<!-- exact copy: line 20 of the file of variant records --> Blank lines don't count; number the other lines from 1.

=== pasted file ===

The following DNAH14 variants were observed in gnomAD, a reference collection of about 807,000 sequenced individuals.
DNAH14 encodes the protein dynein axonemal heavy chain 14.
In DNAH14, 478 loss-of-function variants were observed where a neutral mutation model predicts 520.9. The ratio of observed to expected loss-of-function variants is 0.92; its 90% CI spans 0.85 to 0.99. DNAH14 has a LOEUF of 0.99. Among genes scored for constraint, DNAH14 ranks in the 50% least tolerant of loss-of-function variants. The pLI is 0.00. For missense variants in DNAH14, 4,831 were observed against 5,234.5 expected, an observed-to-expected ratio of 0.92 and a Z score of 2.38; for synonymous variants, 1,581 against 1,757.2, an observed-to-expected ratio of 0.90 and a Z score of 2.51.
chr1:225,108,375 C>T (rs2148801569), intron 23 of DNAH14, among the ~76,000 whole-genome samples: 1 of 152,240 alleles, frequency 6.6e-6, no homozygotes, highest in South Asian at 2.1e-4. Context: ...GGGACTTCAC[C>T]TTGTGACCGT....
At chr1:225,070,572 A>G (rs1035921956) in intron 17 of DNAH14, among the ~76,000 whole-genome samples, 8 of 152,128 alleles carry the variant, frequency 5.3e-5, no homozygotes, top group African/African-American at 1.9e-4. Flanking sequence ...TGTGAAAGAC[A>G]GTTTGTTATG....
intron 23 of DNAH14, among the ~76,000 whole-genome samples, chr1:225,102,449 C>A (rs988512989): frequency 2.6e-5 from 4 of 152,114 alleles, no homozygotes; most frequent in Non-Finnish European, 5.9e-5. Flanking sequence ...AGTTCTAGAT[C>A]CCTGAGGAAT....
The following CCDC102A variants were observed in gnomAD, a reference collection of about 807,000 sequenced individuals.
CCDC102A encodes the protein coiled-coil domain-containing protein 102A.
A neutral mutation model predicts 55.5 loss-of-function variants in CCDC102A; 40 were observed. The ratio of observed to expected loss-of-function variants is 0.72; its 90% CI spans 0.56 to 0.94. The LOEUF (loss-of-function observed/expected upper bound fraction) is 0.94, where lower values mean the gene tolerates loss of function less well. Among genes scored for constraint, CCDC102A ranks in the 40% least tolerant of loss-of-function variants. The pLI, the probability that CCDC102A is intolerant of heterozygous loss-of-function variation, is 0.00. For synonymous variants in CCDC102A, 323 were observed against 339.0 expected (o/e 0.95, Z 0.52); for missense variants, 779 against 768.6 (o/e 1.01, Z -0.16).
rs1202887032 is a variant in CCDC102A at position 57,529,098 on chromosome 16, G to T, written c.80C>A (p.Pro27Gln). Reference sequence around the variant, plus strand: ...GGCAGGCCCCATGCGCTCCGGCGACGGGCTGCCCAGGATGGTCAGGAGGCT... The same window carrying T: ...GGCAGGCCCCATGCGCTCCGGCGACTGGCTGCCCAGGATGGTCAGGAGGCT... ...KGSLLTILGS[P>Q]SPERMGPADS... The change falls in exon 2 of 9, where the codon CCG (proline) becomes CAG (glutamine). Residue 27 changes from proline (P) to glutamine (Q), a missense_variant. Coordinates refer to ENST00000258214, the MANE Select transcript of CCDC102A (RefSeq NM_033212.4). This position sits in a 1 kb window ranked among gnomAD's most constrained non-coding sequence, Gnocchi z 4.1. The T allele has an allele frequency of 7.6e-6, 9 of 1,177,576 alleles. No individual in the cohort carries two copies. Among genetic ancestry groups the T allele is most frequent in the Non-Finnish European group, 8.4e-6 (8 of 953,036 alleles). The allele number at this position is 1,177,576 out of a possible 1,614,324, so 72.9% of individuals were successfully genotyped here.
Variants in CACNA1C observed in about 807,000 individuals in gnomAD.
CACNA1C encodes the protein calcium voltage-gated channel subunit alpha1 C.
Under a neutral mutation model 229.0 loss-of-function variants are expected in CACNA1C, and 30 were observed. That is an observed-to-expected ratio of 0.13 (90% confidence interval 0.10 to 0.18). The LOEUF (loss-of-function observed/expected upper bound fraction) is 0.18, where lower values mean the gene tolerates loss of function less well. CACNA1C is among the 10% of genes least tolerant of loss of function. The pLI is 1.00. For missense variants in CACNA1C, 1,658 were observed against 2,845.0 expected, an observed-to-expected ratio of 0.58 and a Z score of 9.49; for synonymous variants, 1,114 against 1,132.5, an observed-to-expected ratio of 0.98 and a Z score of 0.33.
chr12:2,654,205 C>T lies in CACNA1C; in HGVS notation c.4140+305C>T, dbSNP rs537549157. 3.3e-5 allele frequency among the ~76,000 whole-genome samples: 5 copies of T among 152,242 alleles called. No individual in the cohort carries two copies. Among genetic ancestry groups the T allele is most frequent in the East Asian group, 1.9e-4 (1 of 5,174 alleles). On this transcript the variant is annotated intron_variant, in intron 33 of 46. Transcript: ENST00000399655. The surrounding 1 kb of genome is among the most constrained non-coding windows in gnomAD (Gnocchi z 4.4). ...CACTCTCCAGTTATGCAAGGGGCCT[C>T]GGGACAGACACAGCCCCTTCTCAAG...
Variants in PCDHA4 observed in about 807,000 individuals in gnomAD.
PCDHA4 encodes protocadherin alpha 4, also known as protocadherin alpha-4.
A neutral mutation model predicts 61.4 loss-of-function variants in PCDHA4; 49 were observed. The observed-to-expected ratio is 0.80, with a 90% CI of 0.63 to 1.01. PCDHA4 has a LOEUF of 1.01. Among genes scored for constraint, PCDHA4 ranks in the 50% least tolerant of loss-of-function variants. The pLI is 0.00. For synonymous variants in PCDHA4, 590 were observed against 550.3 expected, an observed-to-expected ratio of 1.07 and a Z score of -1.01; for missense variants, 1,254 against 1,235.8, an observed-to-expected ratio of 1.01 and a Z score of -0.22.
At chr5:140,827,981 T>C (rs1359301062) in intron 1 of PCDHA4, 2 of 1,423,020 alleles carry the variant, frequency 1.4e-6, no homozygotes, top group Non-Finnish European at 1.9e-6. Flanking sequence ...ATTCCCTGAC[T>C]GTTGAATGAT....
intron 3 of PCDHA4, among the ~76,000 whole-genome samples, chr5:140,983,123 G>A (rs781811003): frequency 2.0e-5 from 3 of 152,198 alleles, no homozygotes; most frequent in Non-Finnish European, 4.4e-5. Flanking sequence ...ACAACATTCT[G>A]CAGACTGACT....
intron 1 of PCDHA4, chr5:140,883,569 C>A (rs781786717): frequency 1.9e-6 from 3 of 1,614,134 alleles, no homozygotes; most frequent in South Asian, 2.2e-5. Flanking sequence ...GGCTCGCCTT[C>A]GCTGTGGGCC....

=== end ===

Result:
intron 1 of PCDHA4, chr5:140,883,569 C>A (rs781786717): frequency 1.9e-6 from 3 of 1,614,134 alleles, no homozygotes; most frequent in South Asian, 2.2e-5. Flanking sequence ...GGCTCGCCTT[C>A]GCTGTGGGCC....